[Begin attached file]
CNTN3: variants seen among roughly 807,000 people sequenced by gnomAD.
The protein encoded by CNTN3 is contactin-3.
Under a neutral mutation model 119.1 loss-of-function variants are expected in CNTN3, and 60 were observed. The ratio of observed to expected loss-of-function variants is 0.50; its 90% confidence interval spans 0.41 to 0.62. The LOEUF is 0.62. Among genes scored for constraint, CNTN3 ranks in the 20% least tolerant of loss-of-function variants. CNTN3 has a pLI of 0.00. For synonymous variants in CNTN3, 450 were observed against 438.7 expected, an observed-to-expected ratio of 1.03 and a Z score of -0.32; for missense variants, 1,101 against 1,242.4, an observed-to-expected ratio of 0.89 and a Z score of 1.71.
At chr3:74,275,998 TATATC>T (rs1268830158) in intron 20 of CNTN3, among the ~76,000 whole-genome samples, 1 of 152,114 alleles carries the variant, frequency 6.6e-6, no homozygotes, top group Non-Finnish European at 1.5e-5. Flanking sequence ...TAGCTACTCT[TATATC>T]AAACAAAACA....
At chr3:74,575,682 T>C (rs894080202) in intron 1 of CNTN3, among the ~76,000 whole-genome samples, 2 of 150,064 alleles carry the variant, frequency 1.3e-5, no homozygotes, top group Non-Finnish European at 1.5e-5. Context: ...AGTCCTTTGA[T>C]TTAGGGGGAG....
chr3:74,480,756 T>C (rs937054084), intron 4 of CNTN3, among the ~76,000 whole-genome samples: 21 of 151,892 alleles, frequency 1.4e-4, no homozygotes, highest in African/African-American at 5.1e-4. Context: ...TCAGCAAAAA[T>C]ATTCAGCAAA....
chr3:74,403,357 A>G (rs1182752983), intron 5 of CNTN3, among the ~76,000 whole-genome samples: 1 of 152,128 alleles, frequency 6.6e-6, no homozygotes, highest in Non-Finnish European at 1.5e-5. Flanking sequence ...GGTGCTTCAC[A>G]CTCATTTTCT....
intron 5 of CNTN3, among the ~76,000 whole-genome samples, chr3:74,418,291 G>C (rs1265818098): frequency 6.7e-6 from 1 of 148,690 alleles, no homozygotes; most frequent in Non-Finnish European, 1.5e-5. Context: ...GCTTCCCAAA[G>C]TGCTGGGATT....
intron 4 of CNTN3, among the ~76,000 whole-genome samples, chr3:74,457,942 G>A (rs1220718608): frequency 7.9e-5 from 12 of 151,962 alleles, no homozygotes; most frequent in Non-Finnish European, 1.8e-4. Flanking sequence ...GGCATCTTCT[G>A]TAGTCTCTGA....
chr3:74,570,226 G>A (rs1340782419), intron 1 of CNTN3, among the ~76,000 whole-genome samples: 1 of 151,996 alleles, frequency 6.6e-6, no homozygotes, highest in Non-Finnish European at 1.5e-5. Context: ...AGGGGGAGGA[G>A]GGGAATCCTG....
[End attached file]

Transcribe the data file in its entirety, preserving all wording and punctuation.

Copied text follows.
CNTN3: variants seen among roughly 807,000 people sequenced by gnomAD.
The protein encoded by CNTN3 is contactin-3.
Under a neutral mutation model 119.1 loss-of-function variants are expected in CNTN3, and 60 were observed. The ratio of observed to expected loss-of-function variants is 0.50; its 90% confidence interval spans 0.41 to 0.62. The LOEUF is 0.62. Among genes scored for constraint, CNTN3 ranks in the 20% least tolerant of loss-of-function variants. CNTN3 has a pLI of 0.00. For synonymous variants in CNTN3, 450 were observed against 438.7 expected, an observed-to-expected ratio of 1.03 and a Z score of -0.32; for missense variants, 1,101 against 1,242.4, an observed-to-expected ratio of 0.89 and a Z score of 1.71.
At chr3:74,275,998 TATATC>T (rs1268830158) in intron 20 of CNTN3, among the ~76,000 whole-genome samples, 1 of 152,114 alleles carries the variant, frequency 6.6e-6, no homozygotes, top group Non-Finnish European at 1.5e-5. Flanking sequence ...TAGCTACTCT[TATATC>T]AAACAAAACA....
At chr3:74,575,682 T>C (rs894080202) in intron 1 of CNTN3, among the ~76,000 whole-genome samples, 2 of 150,064 alleles carry the variant, frequency 1.3e-5, no homozygotes, top group Non-Finnish European at 1.5e-5. Context: ...AGTCCTTTGA[T>C]TTAGGGGGAG....
chr3:74,480,756 T>C (rs937054084), intron 4 of CNTN3, among the ~76,000 whole-genome samples: 21 of 151,892 alleles, frequency 1.4e-4, no homozygotes, highest in African/African-American at 5.1e-4. Context: ...TCAGCAAAAA[T>C]ATTCAGCAAA....
chr3:74,403,357 A>G (rs1182752983), intron 5 of CNTN3, among the ~76,000 whole-genome samples: 1 of 152,128 alleles, frequency 6.6e-6, no homozygotes, highest in Non-Finnish European at 1.5e-5. Flanking sequence ...GGTGCTTCAC[A>G]CTCATTTTCT....
intron 5 of CNTN3, among the ~76,000 whole-genome samples, chr3:74,418,291 G>C (rs1265818098): frequency 6.7e-6 from 1 of 148,690 alleles, no homozygotes; most frequent in Non-Finnish European, 1.5e-5. Context: ...GCTTCCCAAA[G>C]TGCTGGGATT....
intron 4 of CNTN3, among the ~76,000 whole-genome samples, chr3:74,457,942 G>A (rs1220718608): frequency 7.9e-5 from 12 of 151,962 alleles, no homozygotes; most frequent in Non-Finnish European, 1.8e-4. Flanking sequence ...GGCATCTTCT[G>A]TAGTCTCTGA....
chr3:74,570,226 G>A (rs1340782419), intron 1 of CNTN3, among the ~76,000 whole-genome samples: 1 of 151,996 alleles, frequency 6.6e-6, no homozygotes, highest in Non-Finnish European at 1.5e-5. Context: ...AGGGGGAGGA[G>A]GGGAATCCTG....